5. “Leave No Trace” Ben Foster has no cur­rent peer at in­ter­pret­ing haunted, in­tro­verted char­ac­ters. Here he plays a lov­ing dad who tries to pro­tect his daugh­ter (Thomasin McKen­zie) from the bur­dens and pres­sures of so­ci­ety by rais­ing her on the run, in the wilder­ness. Her long­ing to con­nect with a more ex­tended fam­ily causes a con­flict that can break your heart.

6. “Won’t You Be My Neigh­bor?”

I was in high school when “Mr. Rogers’ Neigh­bor­hood” pre­miered 50 years ago, so I never watched it. He emerges in this doc­u­men­tary as some­one I wish I’d grown up with: wise in the ways of kids. aware of how the beau­ties and hor­rors of the world af­fect them, and a savvy (never naïve) guy who taught two gen­er­a­tions about love.

7. “Black Pan­ther” – The best su­per­hero movies – and how few there have ever been! – of­fer mem­o­rable and com­pli­cated char­ac­ters, pro­found mes­sages about so­cial re­spon­si­bil­ity, rivet­ing ac­tion se­quences, mean­ing­ful dra­matic con­flicts, a stal­wart hero, a charis­matic vil­lain and a lit­tle hu­mor. This story of the emerg­ing ruler of an iso­lated African na­tion has all of those.

8. “Roma”

I can’t ex­plain why this piece, set in an af­flu­ent Mex­ico City neigh­bor­hood circa 1970, af­fects me so. Maybe it’s the way wri­ter­di­rec­tor Al­fonso Cuarón (“Grav­ity”) cap­tures the at­mos­phere of those tur­bu­lent times. Maybe it’s be­cause, in pay­ing trib­ute to the indige­nous maid who cared for him as a child, he in­tro­duced me to a char­ac­ter I never ex­pected to know.

9. “Science Fair”

Pure joy. This doc­u­men­tary about stu­dents around the world com­pet­ing in an in­ter­na­tional con­test will make even the most cyn­i­cal viewer re­joice in the drive, cre­ativ­ity, ex­per­tise and pride of the younger gen­er­a­tion, whether they’re in a Brazil­ian slum or at a New York high school where the teacher cre­ates an ideal at­mos­phere in which to excel.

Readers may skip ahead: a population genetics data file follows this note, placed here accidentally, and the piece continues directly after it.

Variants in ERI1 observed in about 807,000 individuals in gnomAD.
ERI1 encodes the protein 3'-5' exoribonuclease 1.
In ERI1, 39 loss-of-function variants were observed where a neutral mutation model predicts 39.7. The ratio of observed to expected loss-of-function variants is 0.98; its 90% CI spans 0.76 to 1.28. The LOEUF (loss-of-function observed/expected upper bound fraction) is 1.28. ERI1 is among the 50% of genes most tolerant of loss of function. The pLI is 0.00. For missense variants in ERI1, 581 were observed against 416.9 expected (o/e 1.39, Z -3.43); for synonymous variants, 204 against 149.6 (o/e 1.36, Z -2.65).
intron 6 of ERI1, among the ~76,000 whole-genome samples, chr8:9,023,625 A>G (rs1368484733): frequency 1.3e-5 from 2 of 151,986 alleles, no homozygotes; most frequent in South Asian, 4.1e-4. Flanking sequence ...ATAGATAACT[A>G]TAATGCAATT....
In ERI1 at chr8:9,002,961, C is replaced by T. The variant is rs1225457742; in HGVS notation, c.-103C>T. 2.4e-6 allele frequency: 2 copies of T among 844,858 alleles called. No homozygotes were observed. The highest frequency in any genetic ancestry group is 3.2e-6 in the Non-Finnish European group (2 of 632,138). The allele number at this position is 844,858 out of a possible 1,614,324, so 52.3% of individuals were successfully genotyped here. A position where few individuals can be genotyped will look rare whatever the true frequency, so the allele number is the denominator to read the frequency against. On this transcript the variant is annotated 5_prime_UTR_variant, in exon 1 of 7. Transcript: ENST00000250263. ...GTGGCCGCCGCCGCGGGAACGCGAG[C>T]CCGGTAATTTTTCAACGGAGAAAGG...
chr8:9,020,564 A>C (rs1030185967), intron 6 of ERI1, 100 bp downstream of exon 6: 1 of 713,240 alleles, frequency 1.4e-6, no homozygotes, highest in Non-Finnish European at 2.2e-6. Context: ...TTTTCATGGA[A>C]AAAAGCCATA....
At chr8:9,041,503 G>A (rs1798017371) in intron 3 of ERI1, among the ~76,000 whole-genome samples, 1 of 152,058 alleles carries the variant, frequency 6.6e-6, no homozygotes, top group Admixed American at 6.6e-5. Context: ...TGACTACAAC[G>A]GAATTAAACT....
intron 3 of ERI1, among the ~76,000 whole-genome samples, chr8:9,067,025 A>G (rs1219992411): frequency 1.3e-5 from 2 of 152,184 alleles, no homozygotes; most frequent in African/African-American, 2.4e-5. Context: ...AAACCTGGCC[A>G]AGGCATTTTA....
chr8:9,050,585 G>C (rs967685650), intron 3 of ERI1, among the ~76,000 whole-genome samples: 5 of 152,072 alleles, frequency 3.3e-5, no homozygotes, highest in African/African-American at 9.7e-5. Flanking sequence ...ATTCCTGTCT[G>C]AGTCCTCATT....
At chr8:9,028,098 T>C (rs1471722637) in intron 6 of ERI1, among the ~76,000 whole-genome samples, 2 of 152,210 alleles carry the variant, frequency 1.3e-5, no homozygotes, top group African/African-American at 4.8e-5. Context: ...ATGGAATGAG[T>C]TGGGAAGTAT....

10. “Lean on Pete” “Board­walk Em­pire” co-stars Steve Buscemi and Char­lie Plum­mer play a hard­scrab­ble horse owner and the moth­er­less young man who steals a mount des­tined for the glue fac­tory. This re­mains my can­di­date for the year’s most un­der­rated movie. It in­cludes twists I didn’t see com­ing and lingers in mem­ory nine months after its too-brief the­atri­cal run.

Honor­able men­tion, in al­pha­bet­i­cal or­der:

“At Eter­nity’s Gate,” “Caper­naum,” “Cold War,” “First Re­formed,” “The Favourite,” “The Guilty,” “Hered­i­tary,” “A Star is Born,” “Sorry to Bother You,” “Three Iden­ti­cal Strangers.” Brady Jan­dreau stars in "The Rider," a low-key de­pic­tion of an in­jured Na­tive Amer­i­can rodeo rider’s re­ha­bil­i­ta­tion.

AP

Lupita Ny­ong’o, left, Chad­wick Bose­man and Danai Gurira star in Mar­vel Stu­dios’ “Black Pan­ther,” a story of an emerg­ing ruler of an iso­lated African na­tion.

Mag­no­lia Pic­tures TNS

“Shoplifters” is Ja­pa­nese di­rec­tor Hirokazu Koreeda’s touch­ing story of a fam­ily of small-time crooks who take in an abused girl.

SONY PIC­TURES CLAS­SICS TNS